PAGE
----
In 2020, it seems like the only thing certain is that things are uncertain. Surely the word “unprecedented” will be the most-used word of the year.
In these unprecedented times of uncertainty, we at West Virginia Interfaith Refugee Ministry are thankful for the certainty that our donors support us in our mission: “striving to improve the lives of refugees.” Charitable gifts throughout this year have provided sustenance for our mission, allowing us to offer a peaceful safe haven for families literally running for their lives.
Although the pandemic has restricted how we provide services, it has given us time to discover creative ways to fulfill our mission and plan for the future. Given upcoming changes at the federal level, we are optimistic that 2021 will provide many opportunities to shine a spotlight on the worldwide refugee crisis and offer services to those who have been forced to flee their homes.
#GivingTuesday, a national day of generosity, is just one week away on December 1.
As #GivingTuesday approaches, many have asked how they can help.
- You can click the Donate tab on our website (www.wvirm.com). There you will find a link to the Episcopal Diocese of West Virginia. Click the Donate button below “For a Specified Use.” Please be sure to note that your gift is for WVIRM.
- You can also mail a check to WVIRM at PO Box 5387, Charleston, WV 25361.
Please put #GivingTuesday, December 1, on your calendar and consider participating in this national day of philanthropy. With your help, West Virginia Interfaith Refugee Ministry will continue to be a place of safety and hope for the least of these.
People of a certain age remember President Gerald Ford’s economic recovery plan: Whip Inflation Now (WIN). Ford’s press secretary, Ron Nessen, turned the acronym upside down to indicate the public should not expect an immediate miracle.
In the same vein, despite President-elect Joe Biden’s statements that he will reverse President Trump’s restrictive immigration policies, we should not expect immediate miracles. While much of President Trump’s policies were implemented by Executive Orders, which can be reversed immediately, more subtle restrictions have been implemented by changes in rules and regulations to statutes related to immigration.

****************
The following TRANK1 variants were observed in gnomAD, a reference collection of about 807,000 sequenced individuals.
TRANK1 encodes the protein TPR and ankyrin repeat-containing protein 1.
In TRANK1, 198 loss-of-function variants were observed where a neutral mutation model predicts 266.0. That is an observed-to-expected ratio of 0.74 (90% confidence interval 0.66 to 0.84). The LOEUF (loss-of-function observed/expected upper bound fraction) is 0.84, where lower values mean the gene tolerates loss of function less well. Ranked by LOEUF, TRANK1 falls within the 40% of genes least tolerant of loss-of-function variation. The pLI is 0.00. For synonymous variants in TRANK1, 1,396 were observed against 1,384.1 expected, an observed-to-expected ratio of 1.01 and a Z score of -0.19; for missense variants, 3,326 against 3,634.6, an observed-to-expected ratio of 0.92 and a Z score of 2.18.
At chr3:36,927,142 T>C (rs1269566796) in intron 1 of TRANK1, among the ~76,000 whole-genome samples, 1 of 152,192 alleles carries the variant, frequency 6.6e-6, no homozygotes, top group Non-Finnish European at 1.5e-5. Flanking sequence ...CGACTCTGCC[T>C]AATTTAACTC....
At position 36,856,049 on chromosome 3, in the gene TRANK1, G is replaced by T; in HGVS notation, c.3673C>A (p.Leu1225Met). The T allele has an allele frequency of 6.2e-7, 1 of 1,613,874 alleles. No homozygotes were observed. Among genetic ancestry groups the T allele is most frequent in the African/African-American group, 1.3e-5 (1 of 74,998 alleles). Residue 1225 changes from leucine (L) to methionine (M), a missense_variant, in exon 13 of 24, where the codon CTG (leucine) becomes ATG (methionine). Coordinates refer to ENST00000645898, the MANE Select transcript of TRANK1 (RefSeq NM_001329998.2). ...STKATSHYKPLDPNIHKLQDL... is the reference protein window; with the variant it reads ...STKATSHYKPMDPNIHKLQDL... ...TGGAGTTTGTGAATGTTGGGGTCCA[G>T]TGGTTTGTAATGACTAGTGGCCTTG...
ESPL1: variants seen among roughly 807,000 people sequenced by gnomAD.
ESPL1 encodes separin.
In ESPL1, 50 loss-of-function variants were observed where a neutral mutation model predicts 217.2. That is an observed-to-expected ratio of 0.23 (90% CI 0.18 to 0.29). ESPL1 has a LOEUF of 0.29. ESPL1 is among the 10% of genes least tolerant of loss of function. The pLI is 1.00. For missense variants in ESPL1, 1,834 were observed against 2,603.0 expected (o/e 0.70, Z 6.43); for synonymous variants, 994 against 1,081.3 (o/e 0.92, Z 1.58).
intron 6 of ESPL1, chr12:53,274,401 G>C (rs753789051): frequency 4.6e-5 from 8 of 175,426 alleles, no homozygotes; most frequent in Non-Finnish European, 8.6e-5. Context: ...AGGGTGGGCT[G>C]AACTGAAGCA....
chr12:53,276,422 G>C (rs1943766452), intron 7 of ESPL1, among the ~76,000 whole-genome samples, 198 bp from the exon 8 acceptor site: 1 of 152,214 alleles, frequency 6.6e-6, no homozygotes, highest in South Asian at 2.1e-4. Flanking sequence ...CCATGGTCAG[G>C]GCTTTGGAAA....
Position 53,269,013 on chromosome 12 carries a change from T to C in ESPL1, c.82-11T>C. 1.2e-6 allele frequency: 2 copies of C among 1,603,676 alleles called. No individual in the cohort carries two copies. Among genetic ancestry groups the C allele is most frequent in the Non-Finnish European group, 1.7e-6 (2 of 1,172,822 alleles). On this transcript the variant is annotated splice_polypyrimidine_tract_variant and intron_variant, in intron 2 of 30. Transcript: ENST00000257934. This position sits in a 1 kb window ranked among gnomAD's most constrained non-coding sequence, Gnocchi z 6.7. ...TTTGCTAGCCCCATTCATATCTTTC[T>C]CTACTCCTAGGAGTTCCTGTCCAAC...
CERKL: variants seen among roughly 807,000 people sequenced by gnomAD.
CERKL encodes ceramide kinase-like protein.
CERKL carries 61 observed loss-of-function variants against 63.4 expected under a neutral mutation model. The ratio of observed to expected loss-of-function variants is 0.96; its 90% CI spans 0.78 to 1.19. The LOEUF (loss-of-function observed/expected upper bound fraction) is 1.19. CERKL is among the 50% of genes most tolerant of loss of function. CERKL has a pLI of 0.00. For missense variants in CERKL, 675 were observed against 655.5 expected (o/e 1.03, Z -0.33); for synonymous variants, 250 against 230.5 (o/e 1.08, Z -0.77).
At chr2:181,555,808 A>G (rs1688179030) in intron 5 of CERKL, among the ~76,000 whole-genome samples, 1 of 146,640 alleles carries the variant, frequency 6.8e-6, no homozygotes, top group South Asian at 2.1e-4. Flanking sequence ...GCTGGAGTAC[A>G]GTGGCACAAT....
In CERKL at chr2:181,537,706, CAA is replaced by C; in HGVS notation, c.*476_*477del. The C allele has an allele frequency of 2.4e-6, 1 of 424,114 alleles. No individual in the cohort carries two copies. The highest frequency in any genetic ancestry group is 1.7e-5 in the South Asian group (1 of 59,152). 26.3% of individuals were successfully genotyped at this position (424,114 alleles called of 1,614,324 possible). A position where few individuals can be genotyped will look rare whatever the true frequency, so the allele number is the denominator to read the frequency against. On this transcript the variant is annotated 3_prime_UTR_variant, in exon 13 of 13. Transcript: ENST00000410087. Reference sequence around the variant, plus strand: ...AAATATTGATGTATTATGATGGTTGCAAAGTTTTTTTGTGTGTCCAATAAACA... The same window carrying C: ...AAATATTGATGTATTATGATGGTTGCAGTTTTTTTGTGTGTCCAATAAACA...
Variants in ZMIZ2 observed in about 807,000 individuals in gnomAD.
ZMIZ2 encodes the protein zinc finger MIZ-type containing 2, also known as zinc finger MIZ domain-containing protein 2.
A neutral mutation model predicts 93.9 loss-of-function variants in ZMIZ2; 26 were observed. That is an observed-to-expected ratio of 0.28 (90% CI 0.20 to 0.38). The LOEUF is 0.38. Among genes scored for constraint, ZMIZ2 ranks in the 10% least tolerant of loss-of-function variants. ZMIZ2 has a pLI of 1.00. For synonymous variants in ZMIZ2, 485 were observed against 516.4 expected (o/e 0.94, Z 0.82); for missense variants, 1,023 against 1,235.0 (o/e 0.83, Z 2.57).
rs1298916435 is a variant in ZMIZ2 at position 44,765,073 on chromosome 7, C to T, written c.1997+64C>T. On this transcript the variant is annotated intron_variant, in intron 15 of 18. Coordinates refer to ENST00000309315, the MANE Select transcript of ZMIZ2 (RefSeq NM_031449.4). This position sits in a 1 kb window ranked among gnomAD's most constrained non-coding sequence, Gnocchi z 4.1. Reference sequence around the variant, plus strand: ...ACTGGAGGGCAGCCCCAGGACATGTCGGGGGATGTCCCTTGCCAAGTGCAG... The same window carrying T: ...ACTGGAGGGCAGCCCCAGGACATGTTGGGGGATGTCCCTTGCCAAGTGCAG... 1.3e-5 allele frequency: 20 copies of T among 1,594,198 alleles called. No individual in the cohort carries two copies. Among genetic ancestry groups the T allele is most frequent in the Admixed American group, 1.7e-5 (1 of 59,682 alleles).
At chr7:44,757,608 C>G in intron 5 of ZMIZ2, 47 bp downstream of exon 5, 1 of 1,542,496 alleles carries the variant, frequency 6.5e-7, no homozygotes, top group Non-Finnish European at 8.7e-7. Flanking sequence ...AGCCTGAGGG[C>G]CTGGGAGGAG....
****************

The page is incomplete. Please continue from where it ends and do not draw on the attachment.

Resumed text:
For example, over the past year, U.S. Citizenship and Immigration Services has issued notices of public rulemaking related to, among other issues, increasing filing fees for some court petitions, shortening time limits and bases for claiming asylum, requiring persons who arrive at the border with Mexico and claim asylum to make that claim in a third country, and barring entry into this country because of the coronavirus pandemic. Many of these changes are being litigated in federal courts across the country. However, the litigation process is not swift, and rule changes that have been implemented, unless overturned by a court, must go through another period of notice and comment.
What does that mean to we who advocate on behalf of refugees and others seeking asylum?
Be ever vigilant.
“Speak up for those who cannot speak for themselves, for the rights of all who are destitute. Speak up and judge fairly; defend the rights of the poor and needy.” (Proverbs 31:8-9, NIV).
Each year on October 16, advocacy and faith-based organizations recognize World Food Day, established by the U.N. Food and Agriculture Organization (FAO) in 1979. Themes for the day in the past have been:
- 2016 – “Climate is changing. Food and agriculture must too.”
- 2017 – Examining “the link between food security, rural development and migration.”
- 2018 – Zero Hunger: Our Actions are our Future.
- 2019 – “Healthy Diets for a Zero Hunger World.”
This year’s theme is “Grow, nourish, sustain. Together. Our actions are our future.” http://www.fao.org/world-food-day
Here are some suggestions from the FAO for taking action to achieve the 2020 goal of “grow, nourish, sustain”:
- Choose local. Buy as much as you can from local farmers, not “big box” stores.
- Choose seasonal. Buying produce in season results in less carbon emissions due to businesses’ trucking in food from overseas.
- Choose healthy and diverse. “A healthy diet contributes to a healthy life. When we choose to eat diverse foods, we encourage a variety of foods to be produced. This is not only healthier for our bodies, but heathier for soils and our environment because a diverse diet favors biodiversity!”